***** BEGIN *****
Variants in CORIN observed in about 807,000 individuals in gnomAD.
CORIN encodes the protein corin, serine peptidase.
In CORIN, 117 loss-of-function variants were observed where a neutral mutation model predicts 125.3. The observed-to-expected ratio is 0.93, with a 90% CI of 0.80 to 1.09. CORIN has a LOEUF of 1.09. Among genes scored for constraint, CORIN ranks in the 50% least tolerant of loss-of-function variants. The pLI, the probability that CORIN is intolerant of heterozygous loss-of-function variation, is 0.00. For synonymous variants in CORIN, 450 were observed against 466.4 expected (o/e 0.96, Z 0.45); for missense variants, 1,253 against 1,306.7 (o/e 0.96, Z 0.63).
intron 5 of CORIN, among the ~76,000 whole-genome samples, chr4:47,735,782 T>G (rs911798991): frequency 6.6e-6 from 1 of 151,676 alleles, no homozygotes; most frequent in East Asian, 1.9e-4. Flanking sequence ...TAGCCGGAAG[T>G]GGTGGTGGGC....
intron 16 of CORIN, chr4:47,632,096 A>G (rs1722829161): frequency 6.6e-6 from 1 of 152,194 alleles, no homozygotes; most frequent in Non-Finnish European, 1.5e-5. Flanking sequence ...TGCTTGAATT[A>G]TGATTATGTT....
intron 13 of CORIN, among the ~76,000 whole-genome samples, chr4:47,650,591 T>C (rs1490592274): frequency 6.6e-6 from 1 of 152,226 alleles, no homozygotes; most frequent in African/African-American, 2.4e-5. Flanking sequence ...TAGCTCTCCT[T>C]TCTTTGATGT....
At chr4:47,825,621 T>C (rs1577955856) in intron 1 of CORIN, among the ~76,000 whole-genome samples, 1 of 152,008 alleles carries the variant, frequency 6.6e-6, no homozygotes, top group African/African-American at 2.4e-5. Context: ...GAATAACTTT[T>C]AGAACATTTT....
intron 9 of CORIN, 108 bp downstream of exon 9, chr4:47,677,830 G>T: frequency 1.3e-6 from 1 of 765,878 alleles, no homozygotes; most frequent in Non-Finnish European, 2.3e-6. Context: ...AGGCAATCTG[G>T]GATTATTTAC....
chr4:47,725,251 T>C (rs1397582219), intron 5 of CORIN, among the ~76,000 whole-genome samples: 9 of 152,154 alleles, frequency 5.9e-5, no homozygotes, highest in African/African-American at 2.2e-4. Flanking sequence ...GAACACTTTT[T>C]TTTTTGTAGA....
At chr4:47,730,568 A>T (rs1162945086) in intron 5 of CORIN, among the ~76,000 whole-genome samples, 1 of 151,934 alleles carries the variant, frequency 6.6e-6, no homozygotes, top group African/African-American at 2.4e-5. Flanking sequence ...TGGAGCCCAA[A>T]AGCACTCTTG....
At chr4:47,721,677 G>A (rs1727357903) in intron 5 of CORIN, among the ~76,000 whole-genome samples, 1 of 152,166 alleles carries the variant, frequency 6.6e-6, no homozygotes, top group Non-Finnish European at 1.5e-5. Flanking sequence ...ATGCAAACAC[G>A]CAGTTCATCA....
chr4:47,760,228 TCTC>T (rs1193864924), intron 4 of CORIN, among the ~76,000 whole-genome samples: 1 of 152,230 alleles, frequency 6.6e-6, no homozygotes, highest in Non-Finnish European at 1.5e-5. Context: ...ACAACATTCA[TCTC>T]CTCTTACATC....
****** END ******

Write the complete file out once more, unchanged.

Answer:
Variants in CORIN observed in about 807,000 individuals in gnomAD.
CORIN encodes the protein corin, serine peptidase.
In CORIN, 117 loss-of-function variants were observed where a neutral mutation model predicts 125.3. The observed-to-expected ratio is 0.93, with a 90% CI of 0.80 to 1.09. CORIN has a LOEUF of 1.09. Among genes scored for constraint, CORIN ranks in the 50% least tolerant of loss-of-function variants. The pLI, the probability that CORIN is intolerant of heterozygous loss-of-function variation, is 0.00. For synonymous variants in CORIN, 450 were observed against 466.4 expected (o/e 0.96, Z 0.45); for missense variants, 1,253 against 1,306.7 (o/e 0.96, Z 0.63).
intron 5 of CORIN, among the ~76,000 whole-genome samples, chr4:47,735,782 T>G (rs911798991): frequency 6.6e-6 from 1 of 151,676 alleles, no homozygotes; most frequent in East Asian, 1.9e-4. Flanking sequence ...TAGCCGGAAG[T>G]GGTGGTGGGC....
intron 16 of CORIN, chr4:47,632,096 A>G (rs1722829161): frequency 6.6e-6 from 1 of 152,194 alleles, no homozygotes; most frequent in Non-Finnish European, 1.5e-5. Flanking sequence ...TGCTTGAATT[A>G]TGATTATGTT....
intron 13 of CORIN, among the ~76,000 whole-genome samples, chr4:47,650,591 T>C (rs1490592274): frequency 6.6e-6 from 1 of 152,226 alleles, no homozygotes; most frequent in African/African-American, 2.4e-5. Flanking sequence ...TAGCTCTCCT[T>C]TCTTTGATGT....
At chr4:47,825,621 T>C (rs1577955856) in intron 1 of CORIN, among the ~76,000 whole-genome samples, 1 of 152,008 alleles carries the variant, frequency 6.6e-6, no homozygotes, top group African/African-American at 2.4e-5. Context: ...GAATAACTTT[T>C]AGAACATTTT....
intron 9 of CORIN, 108 bp downstream of exon 9, chr4:47,677,830 G>T: frequency 1.3e-6 from 1 of 765,878 alleles, no homozygotes; most frequent in Non-Finnish European, 2.3e-6. Context: ...AGGCAATCTG[G>T]GATTATTTAC....
chr4:47,725,251 T>C (rs1397582219), intron 5 of CORIN, among the ~76,000 whole-genome samples: 9 of 152,154 alleles, frequency 5.9e-5, no homozygotes, highest in African/African-American at 2.2e-4. Flanking sequence ...GAACACTTTT[T>C]TTTTTGTAGA....
At chr4:47,730,568 A>T (rs1162945086) in intron 5 of CORIN, among the ~76,000 whole-genome samples, 1 of 151,934 alleles carries the variant, frequency 6.6e-6, no homozygotes, top group African/African-American at 2.4e-5. Flanking sequence ...TGGAGCCCAA[A>T]AGCACTCTTG....
At chr4:47,721,677 G>A (rs1727357903) in intron 5 of CORIN, among the ~76,000 whole-genome samples, 1 of 152,166 alleles carries the variant, frequency 6.6e-6, no homozygotes, top group Non-Finnish European at 1.5e-5. Flanking sequence ...ATGCAAACAC[G>A]CAGTTCATCA....
chr4:47,760,228 TCTC>T (rs1193864924), intron 4 of CORIN, among the ~76,000 whole-genome samples: 1 of 152,230 alleles, frequency 6.6e-6, no homozygotes, highest in Non-Finnish European at 1.5e-5. Context: ...ACAACATTCA[TCTC>T]CTCTTACATC....